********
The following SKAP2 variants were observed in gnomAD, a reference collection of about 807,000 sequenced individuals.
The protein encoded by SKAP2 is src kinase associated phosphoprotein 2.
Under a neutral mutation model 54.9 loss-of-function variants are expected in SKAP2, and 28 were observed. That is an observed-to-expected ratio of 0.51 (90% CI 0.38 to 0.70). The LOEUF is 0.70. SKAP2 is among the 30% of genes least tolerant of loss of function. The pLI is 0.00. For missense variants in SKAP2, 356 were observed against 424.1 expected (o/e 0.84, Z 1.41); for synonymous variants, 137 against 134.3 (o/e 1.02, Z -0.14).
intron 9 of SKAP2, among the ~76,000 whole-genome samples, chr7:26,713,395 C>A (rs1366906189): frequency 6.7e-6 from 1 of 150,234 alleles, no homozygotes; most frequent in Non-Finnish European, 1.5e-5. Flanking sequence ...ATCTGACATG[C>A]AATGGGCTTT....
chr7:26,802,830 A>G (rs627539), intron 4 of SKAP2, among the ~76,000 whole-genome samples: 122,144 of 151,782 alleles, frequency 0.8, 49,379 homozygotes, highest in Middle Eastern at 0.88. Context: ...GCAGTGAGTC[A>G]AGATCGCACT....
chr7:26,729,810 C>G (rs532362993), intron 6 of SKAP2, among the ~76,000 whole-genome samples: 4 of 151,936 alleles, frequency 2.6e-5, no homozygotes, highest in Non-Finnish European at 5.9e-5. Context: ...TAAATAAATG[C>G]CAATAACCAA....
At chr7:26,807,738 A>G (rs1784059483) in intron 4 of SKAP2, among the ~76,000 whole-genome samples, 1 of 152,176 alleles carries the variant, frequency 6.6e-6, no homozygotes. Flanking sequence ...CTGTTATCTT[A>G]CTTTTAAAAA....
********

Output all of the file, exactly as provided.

The following SKAP2 variants were observed in gnomAD, a reference collection of about 807,000 sequenced individuals.
The protein encoded by SKAP2 is src kinase associated phosphoprotein 2.
Under a neutral mutation model 54.9 loss-of-function variants are expected in SKAP2, and 28 were observed. That is an observed-to-expected ratio of 0.51 (90% CI 0.38 to 0.70). The LOEUF is 0.70. SKAP2 is among the 30% of genes least tolerant of loss of function. The pLI is 0.00. For missense variants in SKAP2, 356 were observed against 424.1 expected (o/e 0.84, Z 1.41); for synonymous variants, 137 against 134.3 (o/e 1.02, Z -0.14).
intron 9 of SKAP2, among the ~76,000 whole-genome samples, chr7:26,713,395 C>A (rs1366906189): frequency 6.7e-6 from 1 of 150,234 alleles, no homozygotes; most frequent in Non-Finnish European, 1.5e-5. Flanking sequence ...ATCTGACATG[C>A]AATGGGCTTT....
chr7:26,802,830 A>G (rs627539), intron 4 of SKAP2, among the ~76,000 whole-genome samples: 122,144 of 151,782 alleles, frequency 0.8, 49,379 homozygotes, highest in Middle Eastern at 0.88. Context: ...GCAGTGAGTC[A>G]AGATCGCACT....
chr7:26,729,810 C>G (rs532362993), intron 6 of SKAP2, among the ~76,000 whole-genome samples: 4 of 151,936 alleles, frequency 2.6e-5, no homozygotes, highest in Non-Finnish European at 5.9e-5. Context: ...TAAATAAATG[C>G]CAATAACCAA....
At chr7:26,807,738 A>G (rs1784059483) in intron 4 of SKAP2, among the ~76,000 whole-genome samples, 1 of 152,176 alleles carries the variant, frequency 6.6e-6, no homozygotes. Flanking sequence ...CTGTTATCTT[A>G]CTTTTAAAAA....